Victory of the Daleks. Series 5. Boy, did I hate that episode. This is neither the time nor the place to explain why – but I will because it is my time and my space you are peepin’ on. I thought it would be a good story when I sat to watch it back in 2010. A mysteriously nice Dalek, the Winston Churchill, the Doctor, the Amy Pond… a dynamic cast of characters pulled together and trapped in a British base – a base under siege from the persecution of the pepper-pots! Exclamation mark indeed! Alas, we got a story that meanders, resulting in a waffle-Doctor on a slab spaceship chatting to dull (but brightly coloured) Daleks, while spitfires pew-pew in space and a silly robot-human on the ground decides he might explode but doesn’t. Yes, I disliked it, muchly. Bad taste in my mouth.
So, if you didn’t come here to hear me spit vitriol at a story you might have enjoyed, why are you here? Oh! Volume Two of Big Finish’s Churchill Years! A mix of four tales that bring the bluster of Churchill alongside several Doctors fighting for king, country, and maybe the universe! Where’s the link? Oh yes, Victory of the Daleks! Did I tell you how much I disliked that story?
Well, this is where I think Big Finish can be a strength to the television canon. Here we have a story I hated, with a series of audio tales continuing the adventures of the key character from that same story. The hope is, if I enjoyed the Big Finish volume, could this improve my relationship with Victory of the Daleks?
Honestly, I think it has. Again, we have Ian McNeice playing old Winston. His blustering Churchill was certainly a boon to the 2010 serial, so his presence really benefits this set of adventures. The first story mulls over the beginning of his career, the second and third are during the war, and the final story speaks of the war’s end. In each adventure, he meets the Doctor: specifically, the Ninth, Tenth, and Eleventh incarnations. There is a good deal of diversity in these stories – not simply relating to chronology. Each tale draws on a different thematic underpinning. The first, Young Winston (by Paul Morris), guest-starring Madame Vastra (Neve McIntosh), has a distinctly Conan-Doyle aesthetic; the second, Human Conflict (by Ian McLaughlin), plays homage to Ian Fleming; the third, I Was Churchill’s Double (by Alan Barnes), plays the science-fiction card with reality jumping; and the fourth, Churchill Victorious (from Robert Khan and Tom Salinsky), enjoys a more intimate hostage affair.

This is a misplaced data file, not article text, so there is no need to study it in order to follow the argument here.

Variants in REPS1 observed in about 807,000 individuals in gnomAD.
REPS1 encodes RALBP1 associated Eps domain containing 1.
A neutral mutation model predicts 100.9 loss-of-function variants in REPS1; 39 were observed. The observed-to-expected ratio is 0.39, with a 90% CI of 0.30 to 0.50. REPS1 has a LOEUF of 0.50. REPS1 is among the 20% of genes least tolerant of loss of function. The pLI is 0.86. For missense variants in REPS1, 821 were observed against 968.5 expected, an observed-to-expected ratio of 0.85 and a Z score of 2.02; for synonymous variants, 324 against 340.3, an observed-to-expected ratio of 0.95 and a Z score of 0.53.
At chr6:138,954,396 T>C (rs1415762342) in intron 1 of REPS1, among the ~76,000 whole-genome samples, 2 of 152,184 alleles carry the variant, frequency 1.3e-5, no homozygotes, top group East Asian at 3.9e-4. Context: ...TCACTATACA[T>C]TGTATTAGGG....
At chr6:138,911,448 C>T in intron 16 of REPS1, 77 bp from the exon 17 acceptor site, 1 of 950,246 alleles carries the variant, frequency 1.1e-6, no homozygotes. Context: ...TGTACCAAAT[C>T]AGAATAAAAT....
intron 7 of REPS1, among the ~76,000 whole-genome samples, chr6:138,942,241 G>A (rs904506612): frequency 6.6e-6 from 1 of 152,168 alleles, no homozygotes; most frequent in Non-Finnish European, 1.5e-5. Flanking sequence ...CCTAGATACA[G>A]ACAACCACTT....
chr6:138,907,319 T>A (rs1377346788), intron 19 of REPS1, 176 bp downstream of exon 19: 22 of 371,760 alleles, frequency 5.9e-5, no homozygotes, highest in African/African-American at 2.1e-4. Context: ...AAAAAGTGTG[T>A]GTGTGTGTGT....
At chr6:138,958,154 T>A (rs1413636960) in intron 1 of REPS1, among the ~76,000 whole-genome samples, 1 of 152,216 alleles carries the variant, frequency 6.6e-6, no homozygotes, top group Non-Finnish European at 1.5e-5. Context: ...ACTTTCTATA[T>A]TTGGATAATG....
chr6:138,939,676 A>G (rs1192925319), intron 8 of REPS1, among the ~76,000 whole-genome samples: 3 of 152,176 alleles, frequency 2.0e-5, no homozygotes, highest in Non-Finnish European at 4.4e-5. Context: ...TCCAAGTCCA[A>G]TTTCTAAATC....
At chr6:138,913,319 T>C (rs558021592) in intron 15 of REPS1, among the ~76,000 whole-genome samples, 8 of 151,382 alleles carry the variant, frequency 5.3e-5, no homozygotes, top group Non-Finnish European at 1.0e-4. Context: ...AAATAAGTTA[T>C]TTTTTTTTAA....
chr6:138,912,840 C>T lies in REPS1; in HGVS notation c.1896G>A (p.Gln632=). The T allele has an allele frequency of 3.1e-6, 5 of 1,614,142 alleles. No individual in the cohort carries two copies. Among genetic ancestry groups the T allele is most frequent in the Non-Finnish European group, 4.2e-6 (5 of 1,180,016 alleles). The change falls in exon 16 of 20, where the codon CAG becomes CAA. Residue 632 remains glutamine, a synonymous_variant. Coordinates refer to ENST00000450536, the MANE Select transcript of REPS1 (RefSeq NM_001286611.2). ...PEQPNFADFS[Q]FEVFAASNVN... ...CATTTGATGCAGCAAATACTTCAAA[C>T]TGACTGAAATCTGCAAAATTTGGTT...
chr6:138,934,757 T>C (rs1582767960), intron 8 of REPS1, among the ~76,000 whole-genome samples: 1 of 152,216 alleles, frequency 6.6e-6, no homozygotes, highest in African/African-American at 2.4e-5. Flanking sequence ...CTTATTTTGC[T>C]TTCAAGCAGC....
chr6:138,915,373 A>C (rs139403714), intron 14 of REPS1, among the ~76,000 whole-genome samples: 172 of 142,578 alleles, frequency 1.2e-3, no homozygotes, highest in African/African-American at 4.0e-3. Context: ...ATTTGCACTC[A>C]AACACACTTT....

What makes this box-set so enjoyable is it does give Victory of the Daleks some depth. The phone-call at the end of The Beast Below where the Doctor speaks to his old friend Churchill no longer feels so contrived. That relationship now has pathos, and what we see in Victory of the Daleks is a friendship that now has tenure. For that alone, the set has merit.
And I think this is a key point for Big Finish in general. I’ve seen a lot of moaning at how the range is exploring many of the background characters or guest stars, with the usual cries of “cash-cowing” or “milking”, but I think such tales can give the world of the Doctor Who a dimension commercial television simply has no time to indulge in. You don’t need to listen to the Churchill Years to enjoy (or suffer) Victory – in fact, many will counter my distaste with love, I’m sure – but it does enrich the experience if you so wish it. No one is forcing these audios down a fan’s mouth-pipe – you don’t need to listen to any Big Finish to enjoy the show, but it does make good companion pieces.
My favourite story? I think Churchill Victorious has a lot of fun to it. Brian Croucher makes a welcome comeback to Doctor Who in this tale, and it explores aspects of the Churchill myth that gets less attention. I also like how it starts off with quite a gentle amble, after three fairly action-packed stories. Churchill Victorious is a more intimate affair. I Was Churchill’s Double was perhaps my least favourite. I’ve never been over-keen on mirrors or multiple realities. Each to their own – it’s still nicely told, however, with a few head-scratch inducing moments deliberately enjoyed in the first act. Any issues with the tales? Only one. As much as McNeice really does bring panache to the tales, his Doctor impersonations are sometimes far from the mark. His Tennant is very much lacking. You could simply argue that’s just Churchill – he probably would be a damn poor impersonator of the then-unborn Christopher Eccleston, but it does distract somewhat from feeling the personification of the Doctor.
Perhaps one other minor audio flaw for me is actually a compliment for them (I hope). For Young Winston, we have Churchill (Ian McNeice) recounting his past experiences. The younger Churchill is voiced by Iain Batchelor and they do carry an unerring similarity – they could be the same person at different periods of their life. However, this can sometimes make the shift from old Churchill narrator to the younger Churchill performer a little foggy on the ears. However, these are all very minor quibbles against a good set in which McNeice gives these tales a consistent air of quality. On top of all this, you’ve got a large bonus behind-the-scenes to strip away the magic and explore under the bonnet of the box-set.
You don’t need to have listened to Volume 1 of this set to enjoy it. You don’t need to have seen (or is that spelled “suffered”?) Victory of the Daleks to enjoy it. You just need to know that Churchill has met a few Doctors in his time… and he has a war to win. Perhaps he needs your support.
The Churchill Years: Volume 2 is out now from Big Finish, priced £35 on CD or £30 as a download.